The first car, Karl Benz's Patent Motor Car, hits the street publicly on July 3, 1886, on the Ringstrasse in Mannheim, Germany.
On Jan. 29, 1886, Benz, a mechanical engineer, applied for a patent in Berlin for his vehicle powered by a gasoline engine. The patent – No. 37435 – is regarded as the birth certificate of the automobile.
The three-wheeled Patent Motor Car weighed about 100 kilograms -- very light by the standards of the period. The horizontal, single-cylinder four-stroke engine had a displacement of 954 cubic centimeters and developed an output of 0.55 kW at an engine speed of 400 rpm.
It featured all the essential components found on most internal combustion engines today: crankshaft with counterweights, electric ignition and water cooling. Other features included a cylinder with open crankcase, an intake slide valve controlled by an eccentric rod, and a poppet exhaust valve actuated by a cam disk, rocker arm and pushrod. The surface carburetor, developed by Benz, contained 4.5 liters of gasoline.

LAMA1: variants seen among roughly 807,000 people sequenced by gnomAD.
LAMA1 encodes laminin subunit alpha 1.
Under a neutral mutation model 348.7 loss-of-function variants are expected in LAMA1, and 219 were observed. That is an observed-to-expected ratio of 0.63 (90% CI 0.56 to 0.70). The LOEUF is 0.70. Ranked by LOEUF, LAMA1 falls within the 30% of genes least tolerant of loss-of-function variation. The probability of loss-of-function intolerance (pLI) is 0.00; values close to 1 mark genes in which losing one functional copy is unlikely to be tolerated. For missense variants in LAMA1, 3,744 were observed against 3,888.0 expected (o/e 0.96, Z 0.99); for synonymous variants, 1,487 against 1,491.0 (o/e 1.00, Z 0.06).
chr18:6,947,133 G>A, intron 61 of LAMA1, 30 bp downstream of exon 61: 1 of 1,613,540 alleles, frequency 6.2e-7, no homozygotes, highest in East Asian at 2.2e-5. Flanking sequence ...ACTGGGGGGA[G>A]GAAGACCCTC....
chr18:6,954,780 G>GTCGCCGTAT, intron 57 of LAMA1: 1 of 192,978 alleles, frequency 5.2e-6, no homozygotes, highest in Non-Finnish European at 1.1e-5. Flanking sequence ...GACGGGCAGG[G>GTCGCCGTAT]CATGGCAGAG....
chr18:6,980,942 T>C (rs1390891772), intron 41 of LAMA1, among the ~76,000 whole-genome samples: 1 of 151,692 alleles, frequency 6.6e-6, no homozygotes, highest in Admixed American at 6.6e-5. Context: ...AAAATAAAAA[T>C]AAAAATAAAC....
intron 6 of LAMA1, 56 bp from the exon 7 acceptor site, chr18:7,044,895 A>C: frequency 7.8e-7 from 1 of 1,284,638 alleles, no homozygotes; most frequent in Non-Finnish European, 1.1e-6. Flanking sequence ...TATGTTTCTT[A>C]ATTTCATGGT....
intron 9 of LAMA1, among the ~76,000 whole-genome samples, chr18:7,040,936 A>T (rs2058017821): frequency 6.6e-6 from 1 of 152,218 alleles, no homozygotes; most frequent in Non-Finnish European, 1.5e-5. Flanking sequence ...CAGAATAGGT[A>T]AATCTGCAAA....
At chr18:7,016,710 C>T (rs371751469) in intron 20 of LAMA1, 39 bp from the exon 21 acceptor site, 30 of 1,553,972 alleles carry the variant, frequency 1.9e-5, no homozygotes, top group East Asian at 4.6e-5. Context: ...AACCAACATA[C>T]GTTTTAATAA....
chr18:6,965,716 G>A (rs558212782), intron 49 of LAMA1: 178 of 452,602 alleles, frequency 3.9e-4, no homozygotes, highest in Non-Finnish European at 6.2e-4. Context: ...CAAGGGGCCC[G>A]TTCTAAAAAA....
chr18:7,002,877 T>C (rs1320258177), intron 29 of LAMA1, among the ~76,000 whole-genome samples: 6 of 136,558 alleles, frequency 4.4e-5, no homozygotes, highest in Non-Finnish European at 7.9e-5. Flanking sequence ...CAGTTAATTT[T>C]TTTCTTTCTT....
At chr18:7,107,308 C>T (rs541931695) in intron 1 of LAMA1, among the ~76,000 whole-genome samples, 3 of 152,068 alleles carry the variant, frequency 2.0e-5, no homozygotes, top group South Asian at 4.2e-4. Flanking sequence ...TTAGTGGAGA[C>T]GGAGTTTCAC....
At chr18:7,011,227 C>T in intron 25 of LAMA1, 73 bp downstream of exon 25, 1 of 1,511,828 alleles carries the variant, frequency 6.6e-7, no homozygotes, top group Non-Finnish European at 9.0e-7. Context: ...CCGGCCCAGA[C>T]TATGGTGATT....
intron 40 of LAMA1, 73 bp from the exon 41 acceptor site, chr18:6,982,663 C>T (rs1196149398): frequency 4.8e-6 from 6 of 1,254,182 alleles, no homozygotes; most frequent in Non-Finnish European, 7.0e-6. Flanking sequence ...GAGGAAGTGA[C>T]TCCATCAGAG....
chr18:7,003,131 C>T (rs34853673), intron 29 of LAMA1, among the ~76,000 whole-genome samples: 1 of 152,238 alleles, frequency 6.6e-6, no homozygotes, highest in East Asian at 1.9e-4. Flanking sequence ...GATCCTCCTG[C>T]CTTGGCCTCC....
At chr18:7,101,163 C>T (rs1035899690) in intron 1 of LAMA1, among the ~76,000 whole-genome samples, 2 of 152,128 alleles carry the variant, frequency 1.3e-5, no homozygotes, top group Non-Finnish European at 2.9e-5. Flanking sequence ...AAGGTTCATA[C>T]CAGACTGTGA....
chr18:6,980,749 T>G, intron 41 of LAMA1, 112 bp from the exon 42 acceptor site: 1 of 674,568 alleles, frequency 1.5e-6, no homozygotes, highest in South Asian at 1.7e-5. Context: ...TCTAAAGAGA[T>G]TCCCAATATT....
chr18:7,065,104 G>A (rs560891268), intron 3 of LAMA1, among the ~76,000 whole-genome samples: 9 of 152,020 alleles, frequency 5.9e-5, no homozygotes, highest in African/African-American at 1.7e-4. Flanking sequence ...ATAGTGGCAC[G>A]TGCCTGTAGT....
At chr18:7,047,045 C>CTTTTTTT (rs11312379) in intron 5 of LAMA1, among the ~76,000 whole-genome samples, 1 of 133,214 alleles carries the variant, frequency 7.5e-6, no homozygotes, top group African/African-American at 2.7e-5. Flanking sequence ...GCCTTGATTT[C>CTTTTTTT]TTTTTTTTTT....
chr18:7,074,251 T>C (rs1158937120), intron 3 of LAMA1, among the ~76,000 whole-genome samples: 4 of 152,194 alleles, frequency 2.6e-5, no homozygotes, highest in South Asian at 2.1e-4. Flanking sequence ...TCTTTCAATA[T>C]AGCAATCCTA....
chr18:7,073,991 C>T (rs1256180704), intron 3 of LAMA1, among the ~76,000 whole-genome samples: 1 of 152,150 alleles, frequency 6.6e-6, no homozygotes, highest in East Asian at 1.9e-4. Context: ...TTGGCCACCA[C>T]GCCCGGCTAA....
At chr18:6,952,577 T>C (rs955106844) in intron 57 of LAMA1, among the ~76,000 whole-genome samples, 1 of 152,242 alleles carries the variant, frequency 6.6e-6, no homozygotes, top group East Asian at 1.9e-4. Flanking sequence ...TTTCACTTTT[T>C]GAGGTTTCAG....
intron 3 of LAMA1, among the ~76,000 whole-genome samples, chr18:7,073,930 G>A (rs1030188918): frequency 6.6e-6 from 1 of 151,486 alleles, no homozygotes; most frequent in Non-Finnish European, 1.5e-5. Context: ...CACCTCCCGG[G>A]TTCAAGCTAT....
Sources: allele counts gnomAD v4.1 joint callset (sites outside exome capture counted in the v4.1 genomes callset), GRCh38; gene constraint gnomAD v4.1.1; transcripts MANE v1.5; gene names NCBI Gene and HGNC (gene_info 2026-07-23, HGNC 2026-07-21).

To cover a distance of 100 kilometers, the Patent Motor Car needed about 10 liters of gasoline.
The chassis was made of bent and welded steel tube. Benz designed the vehicle with rear-wheel drive but the vehicle was steered by the front wheel, which was suspended in an unsprung fork and could be steered by a toothed rack connected with a crank.
A multispeed transmission, foot brake and reverse gear were not incorporated in the Patent Motor Car. Speed was controlled by a sleeve valve underneath the driver's seat, and the brake was a hand lever that controlled the countershaft belt pulley.
Nearly 25 Patent Motor Cars were built from 1886-1893 at a price of about $150 each.
The Mercedes-Benz Co. was formed in 1926.